# Skew polygon

In geometry, a **skew polygon** is a polygon whose vertices are not all coplanar. Skew polygons must have at least four vertices. The *interior* surface (or area) of such a polygon is not uniquely defined.

Skew infinite polygons (apeirogons) have vertices which are not all colinear.

A **zig-zag skew polygon** or **antiprismatic polygon**^{[1]} has vertices which alternate on two parallel planes, and thus must be even-sided.

**Regular skew polygons** in 3 dimensions (and regular skew apeirogons in two dimensions) are always zig-zag.

A **regular skew polygon** is isogonal with equal edge lengths. In 3 dimensions a regular skew polygon is a **zig-zag skew** (or **antiprismatic**) **polygon**, with vertices alternating between two parallel planes. The side edges of an *n*-antiprism can define a regular skew 2*n*-gon.

Examples are shown on the uniform square and pentagon antiprisms. The star antiprisms also generate regular skew polygons with different connection order of the top and bottom polygons. The filled top and bottom polygons are drawn for structural clarity, and are not part of the skew polygons.

A regular compound skew 2*n*-gon can be similarly constructed by adding a second skew polygon by a rotation. These share the same vertices as the prismatic compound of antiprisms.

Petrie polygons are regular skew polygons defined within regular polyhedra and polytopes. For example, the five Platonic solids have 4-, 6-, and 10-sided regular skew polygons, as seen in these orthogonal projections with red edges around their respective projective envelopes. The tetrahedron and the octahedron include all the vertices in their respective zig-zag skew polygons, and can be seen as a digonal antiprism and a triangular antiprism respectively.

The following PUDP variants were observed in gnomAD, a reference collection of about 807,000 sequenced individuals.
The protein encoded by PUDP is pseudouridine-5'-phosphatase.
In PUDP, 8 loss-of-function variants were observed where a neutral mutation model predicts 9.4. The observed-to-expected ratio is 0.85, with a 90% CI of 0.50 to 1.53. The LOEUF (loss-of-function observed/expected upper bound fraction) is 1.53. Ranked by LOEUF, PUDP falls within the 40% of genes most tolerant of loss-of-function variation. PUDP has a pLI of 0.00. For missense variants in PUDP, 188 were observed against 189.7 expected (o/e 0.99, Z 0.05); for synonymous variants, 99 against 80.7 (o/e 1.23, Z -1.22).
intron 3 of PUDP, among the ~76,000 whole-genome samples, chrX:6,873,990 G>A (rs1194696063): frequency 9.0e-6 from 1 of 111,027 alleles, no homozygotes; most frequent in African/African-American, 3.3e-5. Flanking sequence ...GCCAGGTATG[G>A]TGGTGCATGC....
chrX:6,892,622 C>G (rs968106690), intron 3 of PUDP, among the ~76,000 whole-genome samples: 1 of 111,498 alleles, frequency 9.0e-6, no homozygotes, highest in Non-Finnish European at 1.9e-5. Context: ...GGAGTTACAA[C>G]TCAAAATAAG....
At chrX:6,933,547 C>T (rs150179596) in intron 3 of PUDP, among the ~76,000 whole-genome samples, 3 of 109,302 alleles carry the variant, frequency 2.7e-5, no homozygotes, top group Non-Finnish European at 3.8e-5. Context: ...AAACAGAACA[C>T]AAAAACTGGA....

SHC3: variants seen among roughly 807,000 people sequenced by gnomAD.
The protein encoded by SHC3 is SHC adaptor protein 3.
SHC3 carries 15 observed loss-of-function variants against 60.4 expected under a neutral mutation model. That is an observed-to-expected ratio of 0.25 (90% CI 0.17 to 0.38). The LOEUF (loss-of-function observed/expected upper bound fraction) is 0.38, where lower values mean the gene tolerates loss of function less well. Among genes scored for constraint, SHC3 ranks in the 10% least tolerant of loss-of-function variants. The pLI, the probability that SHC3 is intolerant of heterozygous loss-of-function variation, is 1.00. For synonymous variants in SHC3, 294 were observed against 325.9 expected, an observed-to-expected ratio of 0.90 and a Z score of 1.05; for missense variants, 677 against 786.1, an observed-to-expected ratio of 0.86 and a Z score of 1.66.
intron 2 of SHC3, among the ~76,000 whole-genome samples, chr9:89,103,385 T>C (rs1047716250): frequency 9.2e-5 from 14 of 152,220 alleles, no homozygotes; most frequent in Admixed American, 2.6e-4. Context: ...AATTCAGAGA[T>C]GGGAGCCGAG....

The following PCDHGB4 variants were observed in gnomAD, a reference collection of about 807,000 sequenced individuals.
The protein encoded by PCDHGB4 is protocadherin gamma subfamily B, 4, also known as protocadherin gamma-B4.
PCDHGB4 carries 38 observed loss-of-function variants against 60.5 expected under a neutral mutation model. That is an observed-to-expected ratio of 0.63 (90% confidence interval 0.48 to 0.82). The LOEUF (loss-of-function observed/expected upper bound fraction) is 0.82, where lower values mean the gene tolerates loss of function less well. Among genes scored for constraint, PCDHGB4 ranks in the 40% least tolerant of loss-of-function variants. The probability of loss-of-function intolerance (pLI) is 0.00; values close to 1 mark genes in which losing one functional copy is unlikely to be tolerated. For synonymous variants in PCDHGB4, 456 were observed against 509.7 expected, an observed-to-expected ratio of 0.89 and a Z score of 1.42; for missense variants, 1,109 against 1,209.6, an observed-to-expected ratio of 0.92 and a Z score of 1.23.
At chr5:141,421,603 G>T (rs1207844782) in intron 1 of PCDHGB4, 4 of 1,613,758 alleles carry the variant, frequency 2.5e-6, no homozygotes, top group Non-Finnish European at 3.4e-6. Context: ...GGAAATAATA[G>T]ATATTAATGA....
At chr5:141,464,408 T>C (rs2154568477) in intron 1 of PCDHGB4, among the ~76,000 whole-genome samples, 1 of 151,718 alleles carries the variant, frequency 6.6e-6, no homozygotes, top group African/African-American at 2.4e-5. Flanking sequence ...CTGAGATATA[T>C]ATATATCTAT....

A regular skew polyhedron has regular polygon faces, and a regular skew polygon vertex figure.

Three infinite regular skew polyhedra are space-filling in 3-space; others exist in 4-space, some within the uniform 4-polytopes.

An **isogonal skew polygon** is a skew polygon with one type of vertex, connected by two types of edges. Isogonal skew polygons with equal edge lengths can also be considered quasiregular. It is similar to a zig-zag skew polygon, existing on two planes, except allowing one edge to cross to the opposite plane, and the other edge to stay on the same plane.

Isogonal skew polygons can be defined on even-sided n-gonal prisms, alternatingly following an edge of one side polygon, and moving between polygons. For example, on the vertices of a cube. Vertices alternate between top and bottom squares with red edges between sides, and blue edges along each side.

In 4 dimensions, a regular skew polygon can have vertices on a Clifford torus and related by a Clifford displacement. Unlike zig-zag skew polygons, skew polygons on double rotations can include an odd-number of sides.

The Petrie polygons of the regular 4-polytopes define regular skew polygons. The Coxeter number for each coxeter group symmetry expresses how many sides a Petrie polygon has. This is 5 sides for a 5-cell, 8 sides for a tesseract and 16-cell, 12 sides for a 24-cell, and 30 sides for a 120-cell and 600-cell.

When orthogonally projected onto the Coxeter plane, these regular skew polygons appear as regular polygon envelopes in the plane.

The *n*-*n* duoprisms and dual duopyramids also have 2*n*-gonal Petrie polygons. (The tesseract is a 4-4 duoprism, and the 16-cell is a 4-4 duopyramid.)